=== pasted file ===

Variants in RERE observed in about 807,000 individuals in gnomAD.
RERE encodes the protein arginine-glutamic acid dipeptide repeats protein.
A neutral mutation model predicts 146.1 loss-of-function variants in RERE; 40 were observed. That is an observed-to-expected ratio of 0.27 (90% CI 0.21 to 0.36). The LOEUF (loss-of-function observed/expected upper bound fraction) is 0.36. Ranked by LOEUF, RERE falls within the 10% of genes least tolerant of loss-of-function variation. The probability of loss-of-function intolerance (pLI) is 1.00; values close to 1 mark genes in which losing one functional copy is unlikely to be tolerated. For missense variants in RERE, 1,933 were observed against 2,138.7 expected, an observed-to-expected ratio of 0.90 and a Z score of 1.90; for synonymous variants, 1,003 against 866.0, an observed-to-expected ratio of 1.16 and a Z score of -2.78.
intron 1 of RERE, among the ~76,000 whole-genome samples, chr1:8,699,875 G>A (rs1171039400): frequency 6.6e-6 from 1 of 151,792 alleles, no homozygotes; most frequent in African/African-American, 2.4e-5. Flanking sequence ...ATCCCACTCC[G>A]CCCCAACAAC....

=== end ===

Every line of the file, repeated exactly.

Variants in RERE observed in about 807,000 individuals in gnomAD.
RERE encodes the protein arginine-glutamic acid dipeptide repeats protein.
A neutral mutation model predicts 146.1 loss-of-function variants in RERE; 40 were observed. That is an observed-to-expected ratio of 0.27 (90% CI 0.21 to 0.36). The LOEUF (loss-of-function observed/expected upper bound fraction) is 0.36. Ranked by LOEUF, RERE falls within the 10% of genes least tolerant of loss-of-function variation. The probability of loss-of-function intolerance (pLI) is 1.00; values close to 1 mark genes in which losing one functional copy is unlikely to be tolerated. For missense variants in RERE, 1,933 were observed against 2,138.7 expected, an observed-to-expected ratio of 0.90 and a Z score of 1.90; for synonymous variants, 1,003 against 866.0, an observed-to-expected ratio of 1.16 and a Z score of -2.78.
intron 1 of RERE, among the ~76,000 whole-genome samples, chr1:8,699,875 G>A (rs1171039400): frequency 6.6e-6 from 1 of 151,792 alleles, no homozygotes; most frequent in African/African-American, 2.4e-5. Flanking sequence ...ATCCCACTCC[G>A]CCCCAACAAC....